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Senate Passes Historic Bill to Help Veterans Exposed to Burn Pits During Military Service – Boston News, Weather, Sports

(CNN) — The Senate on Thursday passed historic legislation that would help millions of veterans who were exposed to toxic burn pits during their military service.

A broad, cross-party majority approved the long-awaited bill by a vote of 84 to 14. It will now go to the House of Representatives, where Speaker of the House Nancy Pelosi has pledged to move quickly and send it to President Joe Biden’s desk for signature. The bill is an amended version of the Honoring Our PACT Act, which passed Parliament earlier this year.

“Today is a historic, long-awaited day for our nation’s veterans,” Senate Majority Leader Chuck Schumer said in a speech before the vote Thursday. “In just a few moments, the Senate will finally pass the PACT bill, the most significant expansion of healthcare benefits for our veterans in generations.”

Schumer continued, “The callousness of forcing veterans who got sick fighting for us from exposure to these toxins, having to fight for years in the VA to get the benefits they deserve — well, that will be over soon. praise God.”

Incineration pits were commonly used to burn waste, including everyday garbage, ammunition, hazardous materials, and chemical compounds at military sites in Iraq and Afghanistan until about 2010.

Often operating on or near military bases, these huge outdoor burn pits released dangerous toxins into the air that could have caused short- and long-term health problems, according to the Department of Veterans Affairs.

A 2020 membership survey by the Iraq and Afghanistan Veterans of America advocacy group found that 86% of respondents had been exposed to burn pits or other toxins. The VA has denied about 70% of veterans’ cremation pit claims since 9/11, according to earlier testimony from Sen. Jerry Moran, a Kansas Republican and senior GOP member of the Senate Committee on Veterans Affairs.

The legislation has been years in the making and, once enacted, would equate to a major bipartisan victory.

“The Senate has a unique opportunity to make history today,” said Senator Jon Tester, a Montana Democrat and chairman of the Senate Veterans Affairs Committee, Wednesday in the Senate ahead of a key procedural vote pushing the bill toward final passage. “This bill is not about Democrats versus Republicans. It’s not about political fuss. It’s about Americans standing up for those who have served and sacrificed for this country. … In fact, it is even more. It’s about righting a wrong that’s been ignored for too damn long.”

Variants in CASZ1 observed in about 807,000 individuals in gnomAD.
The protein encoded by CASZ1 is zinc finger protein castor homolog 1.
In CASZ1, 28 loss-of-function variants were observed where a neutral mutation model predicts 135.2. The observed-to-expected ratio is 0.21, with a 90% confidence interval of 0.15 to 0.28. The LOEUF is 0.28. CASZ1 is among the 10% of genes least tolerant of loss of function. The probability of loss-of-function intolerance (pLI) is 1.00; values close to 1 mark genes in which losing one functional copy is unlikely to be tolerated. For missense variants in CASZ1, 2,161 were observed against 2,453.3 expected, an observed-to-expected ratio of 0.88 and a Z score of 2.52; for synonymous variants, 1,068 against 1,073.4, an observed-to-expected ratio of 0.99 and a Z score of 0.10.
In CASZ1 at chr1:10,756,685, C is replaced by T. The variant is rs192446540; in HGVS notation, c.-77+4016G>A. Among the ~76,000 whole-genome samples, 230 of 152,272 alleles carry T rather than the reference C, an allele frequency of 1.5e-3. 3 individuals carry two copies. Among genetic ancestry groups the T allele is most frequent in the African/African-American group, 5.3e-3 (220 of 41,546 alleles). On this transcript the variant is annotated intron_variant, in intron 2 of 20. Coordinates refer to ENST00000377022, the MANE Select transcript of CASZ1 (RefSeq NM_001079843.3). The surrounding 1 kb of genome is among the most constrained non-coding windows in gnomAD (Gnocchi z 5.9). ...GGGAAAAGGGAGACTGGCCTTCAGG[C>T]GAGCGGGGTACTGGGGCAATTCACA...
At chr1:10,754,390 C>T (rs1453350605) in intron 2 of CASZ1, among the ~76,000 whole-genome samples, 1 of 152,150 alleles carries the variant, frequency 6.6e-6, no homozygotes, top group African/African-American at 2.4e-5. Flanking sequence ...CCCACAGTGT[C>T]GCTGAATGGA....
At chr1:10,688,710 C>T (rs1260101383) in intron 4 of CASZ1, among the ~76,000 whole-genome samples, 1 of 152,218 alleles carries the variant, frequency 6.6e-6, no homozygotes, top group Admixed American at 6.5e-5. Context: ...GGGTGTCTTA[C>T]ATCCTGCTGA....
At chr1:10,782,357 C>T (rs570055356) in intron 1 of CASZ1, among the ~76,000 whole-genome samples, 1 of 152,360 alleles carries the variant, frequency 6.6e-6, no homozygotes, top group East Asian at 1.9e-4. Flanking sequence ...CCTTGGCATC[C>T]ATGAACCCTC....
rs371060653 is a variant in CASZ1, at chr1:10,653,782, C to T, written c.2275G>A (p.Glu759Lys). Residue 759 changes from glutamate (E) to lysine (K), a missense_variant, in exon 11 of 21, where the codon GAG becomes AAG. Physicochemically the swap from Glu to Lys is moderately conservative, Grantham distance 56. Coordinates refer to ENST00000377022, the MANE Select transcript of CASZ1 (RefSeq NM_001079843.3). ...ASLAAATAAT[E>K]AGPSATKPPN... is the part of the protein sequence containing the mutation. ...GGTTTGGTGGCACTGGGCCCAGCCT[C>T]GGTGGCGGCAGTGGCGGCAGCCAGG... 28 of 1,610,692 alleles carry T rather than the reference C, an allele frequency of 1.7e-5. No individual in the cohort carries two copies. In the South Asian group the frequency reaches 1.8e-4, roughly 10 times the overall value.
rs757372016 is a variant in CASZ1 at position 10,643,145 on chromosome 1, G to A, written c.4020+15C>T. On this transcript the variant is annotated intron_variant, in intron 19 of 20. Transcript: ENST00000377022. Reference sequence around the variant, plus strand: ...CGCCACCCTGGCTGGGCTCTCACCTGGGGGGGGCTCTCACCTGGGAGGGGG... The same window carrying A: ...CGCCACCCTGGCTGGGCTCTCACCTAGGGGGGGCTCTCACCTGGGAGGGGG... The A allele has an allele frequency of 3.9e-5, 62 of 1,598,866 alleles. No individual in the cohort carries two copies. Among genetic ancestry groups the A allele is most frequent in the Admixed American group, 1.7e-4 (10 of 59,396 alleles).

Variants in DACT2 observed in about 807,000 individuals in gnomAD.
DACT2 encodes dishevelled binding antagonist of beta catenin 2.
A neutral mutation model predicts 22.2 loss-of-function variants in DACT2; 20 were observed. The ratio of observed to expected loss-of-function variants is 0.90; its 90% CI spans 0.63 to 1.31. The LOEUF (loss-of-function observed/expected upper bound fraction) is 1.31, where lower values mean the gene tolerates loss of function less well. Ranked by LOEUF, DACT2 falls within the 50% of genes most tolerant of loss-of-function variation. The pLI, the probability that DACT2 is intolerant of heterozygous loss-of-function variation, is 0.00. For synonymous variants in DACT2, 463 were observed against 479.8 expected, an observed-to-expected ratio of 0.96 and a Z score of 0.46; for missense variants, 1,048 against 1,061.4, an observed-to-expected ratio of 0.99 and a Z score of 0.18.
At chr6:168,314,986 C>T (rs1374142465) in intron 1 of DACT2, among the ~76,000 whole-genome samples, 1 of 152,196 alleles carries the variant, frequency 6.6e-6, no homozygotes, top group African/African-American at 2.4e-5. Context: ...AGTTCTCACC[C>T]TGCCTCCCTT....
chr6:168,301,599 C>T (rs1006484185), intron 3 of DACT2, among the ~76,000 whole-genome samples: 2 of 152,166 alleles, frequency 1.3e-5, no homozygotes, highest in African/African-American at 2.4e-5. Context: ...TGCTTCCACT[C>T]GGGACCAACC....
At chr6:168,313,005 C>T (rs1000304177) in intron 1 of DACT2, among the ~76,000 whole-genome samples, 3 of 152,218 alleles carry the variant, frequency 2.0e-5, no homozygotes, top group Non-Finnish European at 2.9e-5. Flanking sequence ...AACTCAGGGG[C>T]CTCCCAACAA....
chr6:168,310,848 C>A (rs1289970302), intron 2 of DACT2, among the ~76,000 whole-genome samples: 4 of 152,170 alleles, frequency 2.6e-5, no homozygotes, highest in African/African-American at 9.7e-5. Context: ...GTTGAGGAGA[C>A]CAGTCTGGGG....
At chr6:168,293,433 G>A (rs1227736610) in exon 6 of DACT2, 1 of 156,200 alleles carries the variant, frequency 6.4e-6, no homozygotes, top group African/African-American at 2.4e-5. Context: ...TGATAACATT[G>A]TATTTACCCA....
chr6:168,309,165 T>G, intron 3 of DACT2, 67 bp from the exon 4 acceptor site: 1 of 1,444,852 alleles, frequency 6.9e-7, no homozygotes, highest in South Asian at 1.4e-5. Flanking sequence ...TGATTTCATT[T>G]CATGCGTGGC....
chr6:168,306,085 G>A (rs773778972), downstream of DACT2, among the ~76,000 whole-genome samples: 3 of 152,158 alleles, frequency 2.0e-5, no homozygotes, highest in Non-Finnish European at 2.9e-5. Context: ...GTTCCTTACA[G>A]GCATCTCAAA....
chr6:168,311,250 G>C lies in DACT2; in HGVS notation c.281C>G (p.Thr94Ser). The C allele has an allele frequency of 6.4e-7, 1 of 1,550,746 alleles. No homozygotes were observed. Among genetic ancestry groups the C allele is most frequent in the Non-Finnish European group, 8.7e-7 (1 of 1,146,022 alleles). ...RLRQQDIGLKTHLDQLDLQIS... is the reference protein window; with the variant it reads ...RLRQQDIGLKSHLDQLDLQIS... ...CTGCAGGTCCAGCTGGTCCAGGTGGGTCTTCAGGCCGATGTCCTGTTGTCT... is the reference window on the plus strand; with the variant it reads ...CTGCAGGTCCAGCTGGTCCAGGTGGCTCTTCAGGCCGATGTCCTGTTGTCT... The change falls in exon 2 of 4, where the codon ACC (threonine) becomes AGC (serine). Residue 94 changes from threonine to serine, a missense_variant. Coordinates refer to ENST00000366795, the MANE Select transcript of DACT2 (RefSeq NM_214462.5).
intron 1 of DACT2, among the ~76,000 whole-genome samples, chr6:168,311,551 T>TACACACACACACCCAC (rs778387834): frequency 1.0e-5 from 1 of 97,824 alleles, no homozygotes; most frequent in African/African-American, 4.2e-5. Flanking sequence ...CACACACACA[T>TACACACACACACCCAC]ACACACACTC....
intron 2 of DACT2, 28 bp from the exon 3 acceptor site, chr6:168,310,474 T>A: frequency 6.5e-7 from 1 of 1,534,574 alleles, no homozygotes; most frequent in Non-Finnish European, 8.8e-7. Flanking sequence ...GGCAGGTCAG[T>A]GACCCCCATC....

Passing the bill — dubbed Sergeant First Class Heath Robinson Honoring Our Promise to Address Comprehensive Toxics (PACT) Act of 2022 — will also mark a major achievement for Biden, who has campaigned for the legislation and is personally affected by the issue.

Biden believes cremation pits may have caused the brain tumor that killed his son Beau, a veteran of the Iraq War, in 2015. During his State of the Union address earlier this year, Biden called on Congress to pass that legislation.

“This isn’t just about our servicemen and women, the people who have served in our military, it’s also about their families,” Tester added. “Because when people go to war, it’s not just the soldier who does it, it’s everyone in his family. And this bill will address decades of inaction and failure by our government and extend VA healthcare entitlements to more than 3.5 million combat veterans who are exposed to burn pits.”

Among the bill’s priorities is that health care resources and benefits for ex-servicemen exposed to fire pits could be vastly expanded and provide insurance coverage for up to 3.5 million veterans exposed to toxins. It adds 23 conditions related to burn pits and toxic exposure, including hypertension, to the VA’s list of diseases that arose or worsened during military service, removing the burden on veterans of proving that their toxic exposure led to these conditions Has.

The bill also calls for investment in VA healthcare facilities, claims processing and the VA workforce, while bolstering federal research on toxic exposure, which was also a priority for Biden.

“We still have our work cut out as Congress, as a Senate, to make sure the promises that are made in this bill are promises that are kept,” Moran said in a speech Wednesday. “This bill was designed to fix a broken system cobbled together from patchwork quilts over decades.”

Veterans groups have long urged legislators to pass comprehensive cremation pit legislation because ex-servicemen have struggled to cope with the medical and subsequent financial consequences of exposure to toxic cremation pits.

Comedian and political commentator Jon Stewart, an advocate for first responders and victims of 9/11, has also been a high-profile figure in efforts to draw attention to the problem and urge a legal solution.

“The bottom line is that our country exposed our own veterans to poison for years, and we knew about it, and we didn’t act with urgency and appropriateness,” Stewart said at a virtual roundtable with the House Veterans Affairs Committee earlier this year. “And because of that, we’ve lost men and women who served this country. They died from our inaction.”

The CNN Wire
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Nate Jones

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